I recently read an article about the effects of global warming by Hilary Kotoun, the Social Impact Director at Sailors for the Sea in Newport, RI. That article and the beautiful accompanying image of a breaking wave (on page 26 of this issue) brought back memories of summertime in Nantucket and the fun my siblings and I had bodysurfing and Boogie Boarding at Nobadeer, Surfside and Siaconset beaches on the South and Southeast sides of the island. Due to severe corosion, those beaches have seen a reduction in size over the years – at an alarming rate in some areas. Conversely, sections of Madaket on the Southwestern side of the island are subject to accretion.

Those of us affected by Sandy and other big storms in recent years cannot help but think .that we are living in an ‘affected’ state of climate and environment. And no matter what side of the aisle you are on (there are those who believe this is a natural cycle and others who claim these occurrences are brought on by human activities) the fact is, the world over, humans are destructive to our ecosystems. By association, as sailors, our favorite places (on shore and off) are affected and we need to act now.

Look at any current international sailing event and you’ll notice that amongst the headlines about sailing routes or event venues, the subject of trash in the water is prevalent. Here are a few examples: The Volvo Ocean Race 2014-15 recently sailed across the Bay of Bengal through the Malacca and Singapore Straits. Many of the daily reports were littered (a little levity?) with instances of flotsam and jetsam slowing, or in some cases damaging boats.

These boats are designed to handle most anything Mother Nature can throw at them, and yet the crews must remain vigilant to avoid hitting man-made objects as they sail through what they call “a sea of obstacles.” The upcoming Olympic Sailing Regatta is in peril because the waters off Rio de Janeiro are inhospitable. On high performance dinghies, sailboards and cats, where going into the water is a very real possibility, falling into waste is not something that should be on the mind of racers hoping to bring home the gold.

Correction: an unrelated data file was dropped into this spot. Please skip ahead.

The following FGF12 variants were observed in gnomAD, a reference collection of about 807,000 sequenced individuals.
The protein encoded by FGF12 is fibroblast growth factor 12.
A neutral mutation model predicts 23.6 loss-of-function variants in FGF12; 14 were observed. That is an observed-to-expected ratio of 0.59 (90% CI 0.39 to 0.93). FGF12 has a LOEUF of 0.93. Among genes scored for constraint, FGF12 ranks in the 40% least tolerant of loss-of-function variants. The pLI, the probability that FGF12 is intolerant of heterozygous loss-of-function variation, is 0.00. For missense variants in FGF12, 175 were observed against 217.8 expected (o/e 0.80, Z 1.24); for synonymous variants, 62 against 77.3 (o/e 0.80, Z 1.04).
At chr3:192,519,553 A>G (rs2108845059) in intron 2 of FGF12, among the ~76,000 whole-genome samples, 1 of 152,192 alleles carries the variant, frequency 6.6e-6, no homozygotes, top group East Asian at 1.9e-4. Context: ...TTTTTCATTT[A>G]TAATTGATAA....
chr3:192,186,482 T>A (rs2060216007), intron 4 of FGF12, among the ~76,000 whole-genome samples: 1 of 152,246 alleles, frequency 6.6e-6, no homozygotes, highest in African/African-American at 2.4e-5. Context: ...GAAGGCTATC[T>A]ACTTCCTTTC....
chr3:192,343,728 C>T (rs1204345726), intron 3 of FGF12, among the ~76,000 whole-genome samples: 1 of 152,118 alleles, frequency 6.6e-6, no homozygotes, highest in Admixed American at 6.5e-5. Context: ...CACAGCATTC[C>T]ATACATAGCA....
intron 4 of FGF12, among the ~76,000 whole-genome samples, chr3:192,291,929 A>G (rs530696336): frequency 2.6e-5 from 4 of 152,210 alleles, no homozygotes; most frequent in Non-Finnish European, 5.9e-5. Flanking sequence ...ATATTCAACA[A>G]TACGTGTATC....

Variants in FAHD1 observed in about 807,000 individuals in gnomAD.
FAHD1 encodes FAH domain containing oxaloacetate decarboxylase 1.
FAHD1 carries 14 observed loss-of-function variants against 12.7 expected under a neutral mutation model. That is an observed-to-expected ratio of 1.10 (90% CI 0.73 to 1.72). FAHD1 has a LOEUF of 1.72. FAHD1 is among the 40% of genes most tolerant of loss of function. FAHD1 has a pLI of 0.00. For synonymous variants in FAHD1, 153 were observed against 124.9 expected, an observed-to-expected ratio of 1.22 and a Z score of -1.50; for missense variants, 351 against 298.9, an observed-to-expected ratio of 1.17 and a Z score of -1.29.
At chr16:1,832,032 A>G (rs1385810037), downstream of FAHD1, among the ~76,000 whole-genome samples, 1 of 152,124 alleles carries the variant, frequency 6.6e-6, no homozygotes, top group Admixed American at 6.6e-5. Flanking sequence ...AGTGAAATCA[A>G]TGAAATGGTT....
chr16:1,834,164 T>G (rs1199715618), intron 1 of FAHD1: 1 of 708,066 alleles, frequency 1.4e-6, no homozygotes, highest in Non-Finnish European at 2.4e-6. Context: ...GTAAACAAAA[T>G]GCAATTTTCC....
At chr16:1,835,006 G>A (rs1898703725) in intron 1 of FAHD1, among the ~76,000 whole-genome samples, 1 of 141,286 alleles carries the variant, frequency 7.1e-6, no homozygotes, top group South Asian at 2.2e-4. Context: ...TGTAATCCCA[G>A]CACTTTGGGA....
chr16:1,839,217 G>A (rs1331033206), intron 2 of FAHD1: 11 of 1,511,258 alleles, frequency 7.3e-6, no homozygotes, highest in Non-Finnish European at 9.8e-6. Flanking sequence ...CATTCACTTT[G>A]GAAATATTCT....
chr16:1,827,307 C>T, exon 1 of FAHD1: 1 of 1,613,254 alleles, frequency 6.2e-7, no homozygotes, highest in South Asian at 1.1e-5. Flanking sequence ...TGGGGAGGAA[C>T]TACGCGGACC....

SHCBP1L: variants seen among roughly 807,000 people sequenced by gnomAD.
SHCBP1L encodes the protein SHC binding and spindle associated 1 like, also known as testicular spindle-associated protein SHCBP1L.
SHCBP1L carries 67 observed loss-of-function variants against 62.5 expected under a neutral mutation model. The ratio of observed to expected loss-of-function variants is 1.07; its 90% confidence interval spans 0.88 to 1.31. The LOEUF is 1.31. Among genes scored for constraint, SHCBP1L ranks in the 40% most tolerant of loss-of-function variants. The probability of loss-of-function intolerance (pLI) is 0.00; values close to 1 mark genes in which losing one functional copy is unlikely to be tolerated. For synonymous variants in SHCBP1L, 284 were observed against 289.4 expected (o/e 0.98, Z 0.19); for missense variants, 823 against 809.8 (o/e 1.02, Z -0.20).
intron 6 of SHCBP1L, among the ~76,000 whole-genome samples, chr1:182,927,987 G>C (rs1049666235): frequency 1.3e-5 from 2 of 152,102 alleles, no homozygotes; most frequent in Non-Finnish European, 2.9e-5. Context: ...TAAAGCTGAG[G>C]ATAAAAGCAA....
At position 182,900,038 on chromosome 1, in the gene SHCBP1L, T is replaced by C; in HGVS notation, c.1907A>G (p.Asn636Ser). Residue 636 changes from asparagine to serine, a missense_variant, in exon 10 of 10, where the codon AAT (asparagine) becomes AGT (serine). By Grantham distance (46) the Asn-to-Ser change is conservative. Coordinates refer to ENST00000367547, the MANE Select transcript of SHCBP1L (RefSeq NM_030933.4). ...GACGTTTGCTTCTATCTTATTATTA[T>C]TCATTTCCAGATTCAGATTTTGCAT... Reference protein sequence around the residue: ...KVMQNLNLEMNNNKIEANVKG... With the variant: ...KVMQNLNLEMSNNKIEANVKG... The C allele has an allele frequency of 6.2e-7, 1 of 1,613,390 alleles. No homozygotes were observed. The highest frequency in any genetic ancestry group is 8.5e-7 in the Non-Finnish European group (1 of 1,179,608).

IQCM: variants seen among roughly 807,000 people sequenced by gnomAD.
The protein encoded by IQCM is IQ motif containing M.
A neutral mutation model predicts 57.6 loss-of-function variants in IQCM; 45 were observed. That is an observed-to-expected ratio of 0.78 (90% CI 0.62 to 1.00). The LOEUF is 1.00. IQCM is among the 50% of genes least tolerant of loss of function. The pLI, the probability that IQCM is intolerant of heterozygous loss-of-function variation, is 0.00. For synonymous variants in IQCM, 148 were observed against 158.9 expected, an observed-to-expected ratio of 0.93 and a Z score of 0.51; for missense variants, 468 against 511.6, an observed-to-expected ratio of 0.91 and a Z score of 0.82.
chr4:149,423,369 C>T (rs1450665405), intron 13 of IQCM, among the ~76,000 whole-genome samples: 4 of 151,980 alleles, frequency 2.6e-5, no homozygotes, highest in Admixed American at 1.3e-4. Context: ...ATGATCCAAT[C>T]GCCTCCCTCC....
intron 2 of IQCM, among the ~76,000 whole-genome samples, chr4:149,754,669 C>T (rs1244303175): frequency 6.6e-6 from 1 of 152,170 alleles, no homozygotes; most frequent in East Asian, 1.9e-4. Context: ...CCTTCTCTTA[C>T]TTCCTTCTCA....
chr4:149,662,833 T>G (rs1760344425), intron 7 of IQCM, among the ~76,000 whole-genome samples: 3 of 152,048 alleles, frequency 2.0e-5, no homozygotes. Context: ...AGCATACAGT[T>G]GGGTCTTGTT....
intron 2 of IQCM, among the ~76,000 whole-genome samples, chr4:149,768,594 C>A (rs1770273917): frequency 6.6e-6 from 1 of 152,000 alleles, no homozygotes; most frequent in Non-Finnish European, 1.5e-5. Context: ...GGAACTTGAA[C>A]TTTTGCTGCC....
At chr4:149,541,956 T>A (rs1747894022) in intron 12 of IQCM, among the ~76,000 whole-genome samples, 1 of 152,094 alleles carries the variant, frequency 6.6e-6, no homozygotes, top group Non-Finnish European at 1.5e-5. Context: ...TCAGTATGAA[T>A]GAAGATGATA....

Likewise, accounts from world cruisers indicate shipping containers, telephone poles and just about anything else man-made that can float out there are multiplying, and there is even a large patch of trash swirling around the Pacific Ocean right now…literally an island! If you haven’t heard of it, search the web for the North Pacific Gyre garbage patch. It will sicken you.

Take a moment to stand up and look around. (I’m hoping that you’re reading this article outdoors.) More than likely, there’s some sort of discarded trash within five feet. Then think about the grass you’re standing on and the fertilizers seeping into the watershed, or the blacktop road where runoff of many of the chemicals from winter de-icing, motor oils and a million other contaminates continually enter our bays and sounds. Ours is one of the most educated societies when it comes to the environment, yet we remain indolent. We know that plastic water bottles are one of the worst objects to introduce into the environment, but they sure are convenient. Pop into the local corner store, grab a spring water and off you go, right?

Whether you think global warming is a threat or not, you cannot argue that humans are damaging the environment. What that impact is, be it positive or negative, begins with each and every one of us. Sailors are making a strong effort to effect change, to be the educators and to demand that we do better. For example, look at Sailors for the Sea’s Clean Regatta certification program, Connecticut’s Clean Marina program, and the many grassroots, boating-borne environmental organizations in our region.

So, from an individual standpoint, why not start with something simple. Bring a reusable water bottle when you come to see the Volvo Ocean Race in Newport next month. There will be filling stations on site. When you send your kids off to their Opti regatta this summer, be sure to equip them with all the right gear – including a water bottle. There will no doubt be filling coolers on the dock and in the coach boats. When you see a plastic water bottle on the ground, pick it up. As Hilary notes in her article, “ecosystems in the United States have long faced environmental struggles. It’s time we start preserving and restoring these vital habitats.” If each of us starts small, we can make a big impact and contribute to keeping places dear to us out of harm’s way.

See you on the water.

Chris Gill